Should Rabindranath Tagore's legacy have be nourished and kept alive for reasons other than that of eternal relevance of “genuine poetry”?
Addressing this question, Martin Kämpchen, German writer and Tagore scholar from Santiniketan, West Bengal in India, told an international seminar here on Thursday that since Tagore passed away 75 years ago, the world had seen “major transformations.” The end of the “traumatic” Second World War, Partition of India and the collapse of the Communist Block had happened, apart from the evolution of a multitude of new nationalisms in Asia and Europe. “Is this world still akin to the world that Rabindranath Tagore spoke to? Can his voice have any meaning in 2016?”
Giving his reply with an emphatic “yes,” Dr. Kämpchen said “his [Tagore’s] voice, his work has meaning especially today. A major writer like him is always what is called a démoralisateur. He challenged conventional values, he questioned clichéd values during his life-time and continues to do so even in the time after him. He dares us to rise from our dearly held views and look at them with stricter honesty, with a more penetrating mind, with creativity.”
Dwelling upon Tagore’s cosmic consciousness, he said the feature of inclusiveness found in his works had made the poet look at human life, its difficulties and its aspirations, “in surprising freshness and originality.”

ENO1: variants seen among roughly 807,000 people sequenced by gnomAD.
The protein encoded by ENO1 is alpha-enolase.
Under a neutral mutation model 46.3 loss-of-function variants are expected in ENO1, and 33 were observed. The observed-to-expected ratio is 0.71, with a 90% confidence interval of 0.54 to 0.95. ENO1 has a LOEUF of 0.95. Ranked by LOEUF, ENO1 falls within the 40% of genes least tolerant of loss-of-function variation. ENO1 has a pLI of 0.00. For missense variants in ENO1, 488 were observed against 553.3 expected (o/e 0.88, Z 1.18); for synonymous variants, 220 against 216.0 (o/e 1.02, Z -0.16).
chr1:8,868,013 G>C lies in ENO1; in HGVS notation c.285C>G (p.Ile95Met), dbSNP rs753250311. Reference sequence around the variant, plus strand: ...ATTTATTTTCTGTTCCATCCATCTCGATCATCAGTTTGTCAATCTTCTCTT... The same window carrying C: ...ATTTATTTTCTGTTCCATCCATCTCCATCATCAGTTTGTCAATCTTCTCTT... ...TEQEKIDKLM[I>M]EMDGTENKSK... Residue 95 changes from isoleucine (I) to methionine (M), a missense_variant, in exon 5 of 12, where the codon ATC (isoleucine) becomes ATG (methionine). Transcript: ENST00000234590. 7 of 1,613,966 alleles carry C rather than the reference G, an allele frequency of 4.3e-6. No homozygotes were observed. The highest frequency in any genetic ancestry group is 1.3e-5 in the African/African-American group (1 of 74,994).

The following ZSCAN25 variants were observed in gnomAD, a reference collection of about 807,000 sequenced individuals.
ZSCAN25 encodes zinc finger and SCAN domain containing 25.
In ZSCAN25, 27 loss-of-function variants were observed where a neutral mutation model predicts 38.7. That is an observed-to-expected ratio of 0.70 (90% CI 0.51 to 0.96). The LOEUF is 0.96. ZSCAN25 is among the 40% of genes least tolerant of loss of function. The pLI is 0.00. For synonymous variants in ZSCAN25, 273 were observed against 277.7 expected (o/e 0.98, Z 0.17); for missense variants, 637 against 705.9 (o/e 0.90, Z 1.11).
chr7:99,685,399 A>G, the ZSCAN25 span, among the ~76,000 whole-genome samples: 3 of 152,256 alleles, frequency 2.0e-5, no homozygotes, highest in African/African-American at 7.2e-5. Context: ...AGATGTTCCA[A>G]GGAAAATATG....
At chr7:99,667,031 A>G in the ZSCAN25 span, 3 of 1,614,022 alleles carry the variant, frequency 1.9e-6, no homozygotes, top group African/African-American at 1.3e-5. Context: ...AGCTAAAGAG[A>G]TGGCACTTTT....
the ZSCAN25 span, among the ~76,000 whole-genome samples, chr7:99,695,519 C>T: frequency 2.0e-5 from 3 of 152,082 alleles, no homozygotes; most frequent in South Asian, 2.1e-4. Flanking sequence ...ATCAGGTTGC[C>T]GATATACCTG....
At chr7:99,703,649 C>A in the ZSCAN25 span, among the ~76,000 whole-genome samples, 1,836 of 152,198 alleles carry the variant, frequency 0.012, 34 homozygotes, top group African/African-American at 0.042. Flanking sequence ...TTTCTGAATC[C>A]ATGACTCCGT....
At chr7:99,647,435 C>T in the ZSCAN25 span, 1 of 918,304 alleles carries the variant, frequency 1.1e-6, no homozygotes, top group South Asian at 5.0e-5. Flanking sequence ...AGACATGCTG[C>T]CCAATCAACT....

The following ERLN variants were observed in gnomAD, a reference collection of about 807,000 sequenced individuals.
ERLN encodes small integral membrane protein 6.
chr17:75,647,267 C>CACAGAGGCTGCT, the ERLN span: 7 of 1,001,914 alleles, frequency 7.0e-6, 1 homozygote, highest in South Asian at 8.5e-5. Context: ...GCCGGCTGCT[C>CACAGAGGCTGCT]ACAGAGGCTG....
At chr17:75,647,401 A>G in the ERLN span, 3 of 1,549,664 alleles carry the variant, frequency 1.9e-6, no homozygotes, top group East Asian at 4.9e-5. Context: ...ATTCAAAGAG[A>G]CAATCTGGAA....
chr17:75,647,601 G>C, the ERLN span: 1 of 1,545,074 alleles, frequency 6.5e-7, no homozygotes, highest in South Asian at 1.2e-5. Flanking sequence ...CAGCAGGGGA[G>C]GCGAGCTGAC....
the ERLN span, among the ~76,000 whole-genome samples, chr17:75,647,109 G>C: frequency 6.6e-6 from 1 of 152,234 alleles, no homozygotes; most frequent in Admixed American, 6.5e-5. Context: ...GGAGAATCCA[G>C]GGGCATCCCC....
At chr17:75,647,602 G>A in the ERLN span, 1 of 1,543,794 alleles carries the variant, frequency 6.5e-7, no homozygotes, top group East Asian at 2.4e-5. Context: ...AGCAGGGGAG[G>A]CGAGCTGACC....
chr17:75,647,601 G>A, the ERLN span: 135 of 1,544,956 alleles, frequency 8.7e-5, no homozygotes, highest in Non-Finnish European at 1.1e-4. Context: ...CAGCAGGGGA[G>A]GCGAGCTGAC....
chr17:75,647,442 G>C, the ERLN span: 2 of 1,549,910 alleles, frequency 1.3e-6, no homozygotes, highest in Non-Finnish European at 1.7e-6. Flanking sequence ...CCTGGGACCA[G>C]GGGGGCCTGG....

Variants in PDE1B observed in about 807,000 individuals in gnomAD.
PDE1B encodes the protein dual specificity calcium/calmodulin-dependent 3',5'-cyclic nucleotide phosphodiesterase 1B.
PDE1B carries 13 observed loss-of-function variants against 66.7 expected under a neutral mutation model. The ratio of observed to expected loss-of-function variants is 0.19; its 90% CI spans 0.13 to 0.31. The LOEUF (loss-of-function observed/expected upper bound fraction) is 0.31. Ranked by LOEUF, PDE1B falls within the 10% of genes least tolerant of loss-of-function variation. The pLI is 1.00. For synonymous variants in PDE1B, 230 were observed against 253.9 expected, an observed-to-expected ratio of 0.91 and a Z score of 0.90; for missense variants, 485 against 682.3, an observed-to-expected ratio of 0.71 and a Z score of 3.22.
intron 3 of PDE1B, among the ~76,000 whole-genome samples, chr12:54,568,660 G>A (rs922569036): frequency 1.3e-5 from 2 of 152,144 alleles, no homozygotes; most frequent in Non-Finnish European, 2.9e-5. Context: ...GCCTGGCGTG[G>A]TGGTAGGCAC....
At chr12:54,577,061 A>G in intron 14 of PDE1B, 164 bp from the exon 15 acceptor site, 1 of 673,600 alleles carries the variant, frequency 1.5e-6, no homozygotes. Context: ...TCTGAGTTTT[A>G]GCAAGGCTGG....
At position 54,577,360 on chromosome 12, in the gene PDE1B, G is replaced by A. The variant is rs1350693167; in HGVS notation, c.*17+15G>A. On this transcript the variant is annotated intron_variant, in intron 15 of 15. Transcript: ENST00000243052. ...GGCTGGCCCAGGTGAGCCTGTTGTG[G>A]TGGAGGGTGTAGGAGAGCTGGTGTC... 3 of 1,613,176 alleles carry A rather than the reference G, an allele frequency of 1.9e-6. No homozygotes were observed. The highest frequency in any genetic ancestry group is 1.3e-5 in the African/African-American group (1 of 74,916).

Internationalism vs. nationalism
Addressing the gathering that included India’s High Commissioner Y.K. Sinha, the scholar said Tagore’s wholesale of rejection of nationalism made many people go against him, both in India and abroad. Though intellectuals in many countries had argued that nationalism alone could hold their countries together, Tagore was never tired of proposing an internationalism based on ideas and values.
“To read his book Nationalism is useful nowadays while nationalisms again spring up in Asia, Europe and also in the USA.”
In keeping with times
Despite the success of modern post-colonial authors overshadowing Tagore’s legacy, the fact that his works were being reprinted and translated indicated that “he continues to speak to modern readers even seventy five years after his death,” the scholar added.
Pointing out that Tagore had arrived in German-speaking countries after 25 years of efforts and several volumes of translation ranging from his early writings till the end, Dr. Kämpchen suggested to the Centre for Contemporary Indian Studies at the University of Colombo, which organised the seminar along with the Indian Cultural Centre, to launch a programme to hone a translator capable of rendering Bengali poetry into Sinhala.